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In a nutshell, the restaurant looks gorgeous (designed by Roman & Williams). The menu and the food, on the other hand, total letdown. I predict the menu will be redone within 3 months.
MY RECOMMENDATION: come early, get a drink at the bar (no food served), go somewhere else for dinner.
Here’s what you can expect if you do go for dinner
Reservations are hard to come by. For this newest hot spot from Stephen Starr expect to wait at least a month and even then you may only find tables available right when they open at 5 PM or very late at night.
The space is gorgeous. It’s boilerplate Roman & Williams, high ceilings, beautiful lighting, extraordinary flower arrangements, dramatically romantic. This might be nitpicking, but the chairs are very uncomfortable.
Massive staff. We were there early but it looked like there were at least 3 people dedicated to our table of two. Cutlery was being put down and then taken away before it was even used, then replaced by more cutlery by yet another team of servers. When I actually did need something (salt), they delivered an empty salt container. They’re clearly still finding their groove. Even our waitress who was professional and friendly, didn’t understand the food. Instead, of offering informed recommendations, the best she could do was offer menu talking points.
Menu is just bad. It’s Eastern European which is an odd choice given Veronika is the restaurant associated with the Swedish-based Fotograviska Museum. I was hard-pressed to find a single item I really wanted to order (the caviar perhaps but at $200?). The majority of the menu items sounded old fashioned and heavy. I ordered the lamb goulash which is served tableside (video below). My friend ordered the Dover sole but left half on her plate which is not exactly a ringing endorsement. For a starter, I ordered the poppyseed milk bread with cultured butter. The bread was dry and overbaked. Sheri ordered the consomme nana – a chicken soup which she seemed to like (but I’m not sure she thought it was $24 amazing). For dessert, we shared a charlotte russe – also underwhelming!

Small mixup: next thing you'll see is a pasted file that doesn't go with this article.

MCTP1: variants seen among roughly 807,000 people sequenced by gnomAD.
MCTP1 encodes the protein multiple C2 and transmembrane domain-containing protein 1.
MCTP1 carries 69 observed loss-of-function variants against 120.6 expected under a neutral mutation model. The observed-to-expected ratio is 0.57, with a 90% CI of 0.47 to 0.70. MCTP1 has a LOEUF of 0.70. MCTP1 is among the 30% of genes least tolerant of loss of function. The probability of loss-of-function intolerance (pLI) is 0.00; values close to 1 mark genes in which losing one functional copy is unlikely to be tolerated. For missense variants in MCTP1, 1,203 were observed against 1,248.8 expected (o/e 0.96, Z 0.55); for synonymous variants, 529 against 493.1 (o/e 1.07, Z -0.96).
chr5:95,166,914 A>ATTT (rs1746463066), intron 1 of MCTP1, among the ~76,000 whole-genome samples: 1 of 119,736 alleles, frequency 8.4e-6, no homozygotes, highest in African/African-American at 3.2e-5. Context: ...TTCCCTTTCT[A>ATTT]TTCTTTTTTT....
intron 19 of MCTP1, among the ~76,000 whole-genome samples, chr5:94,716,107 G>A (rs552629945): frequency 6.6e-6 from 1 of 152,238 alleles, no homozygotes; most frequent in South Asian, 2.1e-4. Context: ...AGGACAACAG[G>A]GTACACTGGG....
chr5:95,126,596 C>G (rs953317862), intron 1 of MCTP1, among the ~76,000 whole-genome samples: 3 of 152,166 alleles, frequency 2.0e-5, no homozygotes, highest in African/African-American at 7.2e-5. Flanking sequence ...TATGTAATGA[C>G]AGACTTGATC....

One thing did not disappoint: the Corsair cocktail. My friend Sheri ordered it and the minute it arrived, I desperately wanted to order it also. It looked and smelled amazing. It’s made with rye whiskey, cognac, cinnamon, barolo chinato, cherrywood smoke and is poured tableside (video below). It took a lot of willpower to stick with my Dry January commitment.
WOW! Major disappointment. However, if design is your thing you must check out the space. But sit at the bar – and order that Corsair. And then perhaps get another drink downstairs in the Chapel (their speakeasy). It was very crowded on Tuesday night but it is worth poking your head in. Again, visually stunning.